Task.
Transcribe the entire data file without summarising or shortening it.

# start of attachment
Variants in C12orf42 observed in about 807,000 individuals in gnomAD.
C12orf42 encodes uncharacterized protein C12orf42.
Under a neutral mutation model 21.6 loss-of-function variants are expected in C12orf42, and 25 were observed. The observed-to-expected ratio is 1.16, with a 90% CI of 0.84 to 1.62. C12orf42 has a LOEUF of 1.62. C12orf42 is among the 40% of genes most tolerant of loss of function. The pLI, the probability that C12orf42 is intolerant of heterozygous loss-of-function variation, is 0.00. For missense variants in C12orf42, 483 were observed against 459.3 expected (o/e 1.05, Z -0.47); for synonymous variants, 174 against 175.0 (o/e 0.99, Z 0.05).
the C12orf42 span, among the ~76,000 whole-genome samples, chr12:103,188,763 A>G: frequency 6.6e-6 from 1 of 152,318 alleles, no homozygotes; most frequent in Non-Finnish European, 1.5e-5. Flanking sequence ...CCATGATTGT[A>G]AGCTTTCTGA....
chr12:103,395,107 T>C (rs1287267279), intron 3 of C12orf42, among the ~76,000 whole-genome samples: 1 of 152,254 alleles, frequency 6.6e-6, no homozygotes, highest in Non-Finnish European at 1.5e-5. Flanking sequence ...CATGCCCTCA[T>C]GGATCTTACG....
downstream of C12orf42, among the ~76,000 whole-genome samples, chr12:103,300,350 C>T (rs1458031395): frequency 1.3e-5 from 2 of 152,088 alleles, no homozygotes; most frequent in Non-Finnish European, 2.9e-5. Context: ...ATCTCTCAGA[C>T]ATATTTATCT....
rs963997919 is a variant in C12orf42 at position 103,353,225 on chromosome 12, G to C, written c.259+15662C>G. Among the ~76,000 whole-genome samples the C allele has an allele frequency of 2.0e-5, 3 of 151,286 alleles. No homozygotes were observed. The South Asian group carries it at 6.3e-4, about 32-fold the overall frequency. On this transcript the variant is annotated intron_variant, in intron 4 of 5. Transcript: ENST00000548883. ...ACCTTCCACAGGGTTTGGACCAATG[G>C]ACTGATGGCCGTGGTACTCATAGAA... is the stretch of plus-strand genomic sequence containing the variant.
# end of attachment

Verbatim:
Variants in C12orf42 observed in about 807,000 individuals in gnomAD.
C12orf42 encodes uncharacterized protein C12orf42.
Under a neutral mutation model 21.6 loss-of-function variants are expected in C12orf42, and 25 were observed. The observed-to-expected ratio is 1.16, with a 90% CI of 0.84 to 1.62. C12orf42 has a LOEUF of 1.62. C12orf42 is among the 40% of genes most tolerant of loss of function. The pLI, the probability that C12orf42 is intolerant of heterozygous loss-of-function variation, is 0.00. For missense variants in C12orf42, 483 were observed against 459.3 expected (o/e 1.05, Z -0.47); for synonymous variants, 174 against 175.0 (o/e 0.99, Z 0.05).
the C12orf42 span, among the ~76,000 whole-genome samples, chr12:103,188,763 A>G: frequency 6.6e-6 from 1 of 152,318 alleles, no homozygotes; most frequent in Non-Finnish European, 1.5e-5. Flanking sequence ...CCATGATTGT[A>G]AGCTTTCTGA....
chr12:103,395,107 T>C (rs1287267279), intron 3 of C12orf42, among the ~76,000 whole-genome samples: 1 of 152,254 alleles, frequency 6.6e-6, no homozygotes, highest in Non-Finnish European at 1.5e-5. Flanking sequence ...CATGCCCTCA[T>C]GGATCTTACG....
downstream of C12orf42, among the ~76,000 whole-genome samples, chr12:103,300,350 C>T (rs1458031395): frequency 1.3e-5 from 2 of 152,088 alleles, no homozygotes; most frequent in Non-Finnish European, 2.9e-5. Context: ...ATCTCTCAGA[C>T]ATATTTATCT....
rs963997919 is a variant in C12orf42 at position 103,353,225 on chromosome 12, G to C, written c.259+15662C>G. Among the ~76,000 whole-genome samples the C allele has an allele frequency of 2.0e-5, 3 of 151,286 alleles. No homozygotes were observed. The South Asian group carries it at 6.3e-4, about 32-fold the overall frequency. On this transcript the variant is annotated intron_variant, in intron 4 of 5. Transcript: ENST00000548883. ...ACCTTCCACAGGGTTTGGACCAATG[G>C]ACTGATGGCCGTGGTACTCATAGAA... is the stretch of plus-strand genomic sequence containing the variant.